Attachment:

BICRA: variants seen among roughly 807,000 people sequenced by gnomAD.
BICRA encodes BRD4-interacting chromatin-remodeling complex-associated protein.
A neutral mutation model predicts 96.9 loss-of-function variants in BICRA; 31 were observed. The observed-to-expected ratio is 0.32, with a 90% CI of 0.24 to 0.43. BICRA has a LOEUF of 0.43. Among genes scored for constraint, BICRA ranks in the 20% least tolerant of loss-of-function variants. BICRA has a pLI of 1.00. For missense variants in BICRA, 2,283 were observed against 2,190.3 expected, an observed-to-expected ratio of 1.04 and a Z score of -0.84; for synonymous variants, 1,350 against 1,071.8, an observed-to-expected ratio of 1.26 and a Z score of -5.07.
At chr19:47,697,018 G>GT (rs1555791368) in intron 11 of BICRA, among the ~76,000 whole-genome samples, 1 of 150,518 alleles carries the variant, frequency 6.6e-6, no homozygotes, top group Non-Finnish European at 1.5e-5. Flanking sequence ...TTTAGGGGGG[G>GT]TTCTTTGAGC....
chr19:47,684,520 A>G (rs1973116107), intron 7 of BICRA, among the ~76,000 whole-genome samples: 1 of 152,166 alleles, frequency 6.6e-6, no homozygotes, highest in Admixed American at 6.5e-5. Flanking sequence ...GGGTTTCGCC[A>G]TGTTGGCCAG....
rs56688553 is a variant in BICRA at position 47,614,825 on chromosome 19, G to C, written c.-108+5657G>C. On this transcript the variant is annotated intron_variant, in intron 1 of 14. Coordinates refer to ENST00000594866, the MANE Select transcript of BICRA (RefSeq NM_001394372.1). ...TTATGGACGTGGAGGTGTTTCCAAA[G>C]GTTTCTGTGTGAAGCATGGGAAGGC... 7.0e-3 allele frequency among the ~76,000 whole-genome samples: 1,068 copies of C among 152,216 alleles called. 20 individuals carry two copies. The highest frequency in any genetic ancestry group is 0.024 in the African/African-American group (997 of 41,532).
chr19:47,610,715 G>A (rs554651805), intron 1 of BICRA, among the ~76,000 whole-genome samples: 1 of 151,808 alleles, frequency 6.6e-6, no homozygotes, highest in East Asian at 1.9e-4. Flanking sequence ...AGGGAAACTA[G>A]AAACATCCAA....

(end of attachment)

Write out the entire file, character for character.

BICRA: variants seen among roughly 807,000 people sequenced by gnomAD.
BICRA encodes BRD4-interacting chromatin-remodeling complex-associated protein.
A neutral mutation model predicts 96.9 loss-of-function variants in BICRA; 31 were observed. The observed-to-expected ratio is 0.32, with a 90% CI of 0.24 to 0.43. BICRA has a LOEUF of 0.43. Among genes scored for constraint, BICRA ranks in the 20% least tolerant of loss-of-function variants. BICRA has a pLI of 1.00. For missense variants in BICRA, 2,283 were observed against 2,190.3 expected, an observed-to-expected ratio of 1.04 and a Z score of -0.84; for synonymous variants, 1,350 against 1,071.8, an observed-to-expected ratio of 1.26 and a Z score of -5.07.
At chr19:47,697,018 G>GT (rs1555791368) in intron 11 of BICRA, among the ~76,000 whole-genome samples, 1 of 150,518 alleles carries the variant, frequency 6.6e-6, no homozygotes, top group Non-Finnish European at 1.5e-5. Flanking sequence ...TTTAGGGGGG[G>GT]TTCTTTGAGC....
chr19:47,684,520 A>G (rs1973116107), intron 7 of BICRA, among the ~76,000 whole-genome samples: 1 of 152,166 alleles, frequency 6.6e-6, no homozygotes, highest in Admixed American at 6.5e-5. Flanking sequence ...GGGTTTCGCC[A>G]TGTTGGCCAG....
rs56688553 is a variant in BICRA at position 47,614,825 on chromosome 19, G to C, written c.-108+5657G>C. On this transcript the variant is annotated intron_variant, in intron 1 of 14. Coordinates refer to ENST00000594866, the MANE Select transcript of BICRA (RefSeq NM_001394372.1). ...TTATGGACGTGGAGGTGTTTCCAAA[G>C]GTTTCTGTGTGAAGCATGGGAAGGC... 7.0e-3 allele frequency among the ~76,000 whole-genome samples: 1,068 copies of C among 152,216 alleles called. 20 individuals carry two copies. The highest frequency in any genetic ancestry group is 0.024 in the African/African-American group (997 of 41,532).
chr19:47,610,715 G>A (rs554651805), intron 1 of BICRA, among the ~76,000 whole-genome samples: 1 of 151,808 alleles, frequency 6.6e-6, no homozygotes, highest in East Asian at 1.9e-4. Flanking sequence ...AGGGAAACTA[G>A]AAACATCCAA....